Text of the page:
I've read that Portal supposedly takes place in the same universe as the HalfLife series, but having yet to play Half Life (I own them and will get around to playing them at some point, and when I do you can expect some reviews here) I cannot personally attest to this.

 

The narrative is woven through a terrific world that perfectly sets the tone of the game.  White paneled hallways lead you between the various puzzles that make up most of the game, and gradually give way to a drastically different side of the facility where the true tone of the game is defined. While not on the same level as worlds like Rapture in Bioshock or Tallon IV in Metroid Prime, the testing facility definitely provides a unique backdrop that helps further a deep and meaningful story.

 

The unadorned, paneled hallways of the testing facility serve as the backdrop to the majority of the puzzles you will complete throughout the game.

 

Gameplay-wise, Portal ranks among the greatest games I have ever experienced. The brain-bending physics puzzles are ingenious, and the difficulty always seems challenging without ever becoming frustrating. The platforming can be a bit rough in a few areas, but overall it’s a very small complaint in what is otherwise a near-flawless experience. I never had a checkpoint that I felt was unfairly placed, neither too far from nor close to the point of death as to make the game overly easy or difficult. Besides all of this, in my opinion the best aspect of Portal’s gameplay was that it included something that almost no modern game I can think of has:  a challenging final boss. In general, across all genres, almost any game I have played since the early 2000’s has had either a pathetically easy final boss fight, or no final boss fight at all, with some obvious exceptions. Portal delivers a truly challenging final boss that gives the end of the game a terrific climactic feel , without ever becoming overly-difficult to the point of frustrating,  and ranks among  my favorite boss battles of all time.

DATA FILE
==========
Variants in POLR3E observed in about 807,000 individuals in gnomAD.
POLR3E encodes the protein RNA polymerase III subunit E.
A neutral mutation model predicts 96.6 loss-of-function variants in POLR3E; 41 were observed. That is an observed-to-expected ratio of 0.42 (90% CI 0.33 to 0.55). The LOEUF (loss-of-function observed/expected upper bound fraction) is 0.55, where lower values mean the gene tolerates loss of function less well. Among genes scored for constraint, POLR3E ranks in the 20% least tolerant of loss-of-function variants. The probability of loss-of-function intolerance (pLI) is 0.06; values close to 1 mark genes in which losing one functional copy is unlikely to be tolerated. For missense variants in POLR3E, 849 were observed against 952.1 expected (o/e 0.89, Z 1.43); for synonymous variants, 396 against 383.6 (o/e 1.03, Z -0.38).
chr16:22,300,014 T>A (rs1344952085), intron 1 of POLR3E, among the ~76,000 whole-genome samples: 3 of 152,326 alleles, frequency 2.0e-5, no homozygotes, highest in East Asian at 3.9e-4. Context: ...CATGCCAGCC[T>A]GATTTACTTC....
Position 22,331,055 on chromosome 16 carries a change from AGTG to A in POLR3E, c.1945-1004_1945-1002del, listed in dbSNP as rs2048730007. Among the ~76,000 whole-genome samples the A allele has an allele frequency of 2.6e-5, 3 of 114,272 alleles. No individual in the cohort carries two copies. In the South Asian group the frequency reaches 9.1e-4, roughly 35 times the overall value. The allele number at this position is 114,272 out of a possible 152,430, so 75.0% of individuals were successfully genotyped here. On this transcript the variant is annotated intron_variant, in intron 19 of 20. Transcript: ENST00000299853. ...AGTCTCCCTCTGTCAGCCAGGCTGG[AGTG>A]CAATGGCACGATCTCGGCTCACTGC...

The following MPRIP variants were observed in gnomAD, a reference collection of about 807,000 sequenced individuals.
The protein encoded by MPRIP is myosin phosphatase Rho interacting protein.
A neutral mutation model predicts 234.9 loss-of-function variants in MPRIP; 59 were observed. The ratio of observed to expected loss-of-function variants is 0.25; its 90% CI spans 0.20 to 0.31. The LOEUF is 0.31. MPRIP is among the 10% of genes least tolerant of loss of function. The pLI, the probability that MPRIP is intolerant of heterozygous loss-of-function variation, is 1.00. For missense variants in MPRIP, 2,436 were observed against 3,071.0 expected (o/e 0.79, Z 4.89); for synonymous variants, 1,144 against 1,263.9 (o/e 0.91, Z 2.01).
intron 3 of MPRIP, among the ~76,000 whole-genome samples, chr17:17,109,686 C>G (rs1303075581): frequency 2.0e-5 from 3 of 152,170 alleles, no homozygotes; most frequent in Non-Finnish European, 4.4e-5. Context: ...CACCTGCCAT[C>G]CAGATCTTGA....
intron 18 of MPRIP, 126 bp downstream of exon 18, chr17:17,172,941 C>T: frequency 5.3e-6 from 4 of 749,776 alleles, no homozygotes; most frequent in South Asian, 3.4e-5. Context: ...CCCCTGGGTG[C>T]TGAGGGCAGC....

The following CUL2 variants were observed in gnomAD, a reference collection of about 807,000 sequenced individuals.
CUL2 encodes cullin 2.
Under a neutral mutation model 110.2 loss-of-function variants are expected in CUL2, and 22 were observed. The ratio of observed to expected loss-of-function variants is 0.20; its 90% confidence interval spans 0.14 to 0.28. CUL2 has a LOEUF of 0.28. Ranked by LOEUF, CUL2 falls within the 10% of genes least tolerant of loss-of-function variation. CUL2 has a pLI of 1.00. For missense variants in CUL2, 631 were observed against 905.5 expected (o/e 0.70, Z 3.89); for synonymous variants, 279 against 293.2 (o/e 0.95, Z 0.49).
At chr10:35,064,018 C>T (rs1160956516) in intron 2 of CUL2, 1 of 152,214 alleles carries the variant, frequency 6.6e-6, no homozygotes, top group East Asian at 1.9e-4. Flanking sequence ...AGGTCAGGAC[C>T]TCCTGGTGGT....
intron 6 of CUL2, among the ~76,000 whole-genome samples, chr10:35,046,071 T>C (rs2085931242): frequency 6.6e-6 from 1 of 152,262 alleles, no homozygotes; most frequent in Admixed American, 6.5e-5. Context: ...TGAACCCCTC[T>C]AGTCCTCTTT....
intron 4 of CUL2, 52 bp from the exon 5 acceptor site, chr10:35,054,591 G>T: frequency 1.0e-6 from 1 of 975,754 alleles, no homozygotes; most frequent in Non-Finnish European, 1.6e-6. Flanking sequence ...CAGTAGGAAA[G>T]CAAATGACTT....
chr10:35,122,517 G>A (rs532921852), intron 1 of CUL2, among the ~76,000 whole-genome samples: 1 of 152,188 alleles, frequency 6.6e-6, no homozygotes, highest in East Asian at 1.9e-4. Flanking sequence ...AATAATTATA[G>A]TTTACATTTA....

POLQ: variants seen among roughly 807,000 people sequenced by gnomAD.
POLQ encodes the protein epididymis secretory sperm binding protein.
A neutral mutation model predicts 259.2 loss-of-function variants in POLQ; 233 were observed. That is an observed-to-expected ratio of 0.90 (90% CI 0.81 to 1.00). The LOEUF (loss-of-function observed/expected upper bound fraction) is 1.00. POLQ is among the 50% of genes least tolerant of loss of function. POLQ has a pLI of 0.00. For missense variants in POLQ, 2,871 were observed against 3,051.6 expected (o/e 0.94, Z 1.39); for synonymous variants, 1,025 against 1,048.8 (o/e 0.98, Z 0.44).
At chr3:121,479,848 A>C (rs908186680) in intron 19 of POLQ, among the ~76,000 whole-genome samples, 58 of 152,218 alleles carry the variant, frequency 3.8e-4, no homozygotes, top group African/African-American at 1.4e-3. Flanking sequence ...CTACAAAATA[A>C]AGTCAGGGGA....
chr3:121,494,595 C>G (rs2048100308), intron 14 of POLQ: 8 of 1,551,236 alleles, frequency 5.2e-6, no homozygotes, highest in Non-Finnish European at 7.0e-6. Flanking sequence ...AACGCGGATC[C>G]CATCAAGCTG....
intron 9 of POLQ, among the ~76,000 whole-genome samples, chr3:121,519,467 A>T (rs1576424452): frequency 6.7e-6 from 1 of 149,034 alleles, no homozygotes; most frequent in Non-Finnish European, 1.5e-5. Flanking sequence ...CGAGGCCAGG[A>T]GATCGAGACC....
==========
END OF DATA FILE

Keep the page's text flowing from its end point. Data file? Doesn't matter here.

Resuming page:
Don't assume that just because it's a puzzle game, Portal is going to be easy. There are a myriad of ways to die within the games testing chambers, many of which you will almost certainly fall prey to.

 

The only real flaw I can point out about Portal is the platforming. At some points in the game the impreciseness inherent to almost all first person games with regards to platforming rears its ugly head. It’s only in a few areas where the limitations of the first person view cause problems to a significant degree, and all of these problems are surmountable with only the slightest bit of perseverance on the part of the player.

 

It can be very easy to get snagged one the edge of one of these portals. Not the greatest platforming to ever grace gaming, but still better at it than the vast majority of first person titles out there.

 

All in all, this game is absolutely spectacular, and one I would rank as an absolute must-play for any gamer. A bite-sized piece of digital genius, Portal provides one of the most unique, exquisitely-crafted, nearly seamless, and overall exhilarating experiences in the history of games, an experience that every gamer should be able to behold.

 

So go play Portal now. Unless you think what I've told you is a lie.

 

            Original GI Score: N/A (The Orange Box Score: 9.75)

            My Score Today: 9.75

            Similar Titles I Have Played (If you like these, you will probably like Portal): None